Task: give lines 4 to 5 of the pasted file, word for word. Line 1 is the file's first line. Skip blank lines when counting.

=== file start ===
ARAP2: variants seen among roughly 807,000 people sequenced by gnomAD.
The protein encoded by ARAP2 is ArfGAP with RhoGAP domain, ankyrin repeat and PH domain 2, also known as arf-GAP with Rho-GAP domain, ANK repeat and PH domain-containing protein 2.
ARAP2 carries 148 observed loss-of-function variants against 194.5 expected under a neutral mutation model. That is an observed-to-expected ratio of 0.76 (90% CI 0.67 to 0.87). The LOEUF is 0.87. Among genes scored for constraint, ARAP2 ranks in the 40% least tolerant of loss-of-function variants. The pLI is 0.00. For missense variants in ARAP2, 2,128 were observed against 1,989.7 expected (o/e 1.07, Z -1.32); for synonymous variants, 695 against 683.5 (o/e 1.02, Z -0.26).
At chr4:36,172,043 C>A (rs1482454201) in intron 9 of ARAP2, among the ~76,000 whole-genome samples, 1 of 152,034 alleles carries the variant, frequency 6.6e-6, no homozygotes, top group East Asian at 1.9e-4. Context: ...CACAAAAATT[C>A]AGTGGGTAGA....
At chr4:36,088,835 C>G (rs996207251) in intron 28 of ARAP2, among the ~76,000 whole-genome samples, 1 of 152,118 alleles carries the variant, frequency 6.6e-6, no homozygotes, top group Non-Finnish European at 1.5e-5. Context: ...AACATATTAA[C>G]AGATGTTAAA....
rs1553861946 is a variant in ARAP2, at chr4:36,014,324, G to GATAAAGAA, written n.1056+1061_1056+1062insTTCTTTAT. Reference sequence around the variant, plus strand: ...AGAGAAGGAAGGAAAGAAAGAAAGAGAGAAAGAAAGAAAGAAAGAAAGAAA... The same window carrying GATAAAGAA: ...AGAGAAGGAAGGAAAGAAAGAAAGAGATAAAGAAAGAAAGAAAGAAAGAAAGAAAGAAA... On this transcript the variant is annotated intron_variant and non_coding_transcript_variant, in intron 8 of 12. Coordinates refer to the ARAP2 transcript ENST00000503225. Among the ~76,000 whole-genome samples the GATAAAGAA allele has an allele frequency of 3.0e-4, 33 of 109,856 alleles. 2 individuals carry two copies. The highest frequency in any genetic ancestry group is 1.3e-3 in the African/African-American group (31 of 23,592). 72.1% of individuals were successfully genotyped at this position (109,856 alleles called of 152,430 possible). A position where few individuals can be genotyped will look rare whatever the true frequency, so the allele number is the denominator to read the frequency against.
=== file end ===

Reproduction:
At chr4:36,172,043 C>A (rs1482454201) in intron 9 of ARAP2, among the ~76,000 whole-genome samples, 1 of 152,034 alleles carries the variant, frequency 6.6e-6, no homozygotes, top group East Asian at 1.9e-4. Context: ...CACAAAAATT[C>A]AGTGGGTAGA....
At chr4:36,088,835 C>G (rs996207251) in intron 28 of ARAP2, among the ~76,000 whole-genome samples, 1 of 152,118 alleles carries the variant, frequency 6.6e-6, no homozygotes, top group Non-Finnish European at 1.5e-5. Context: ...AACATATTAA[C>G]AGATGTTAAA....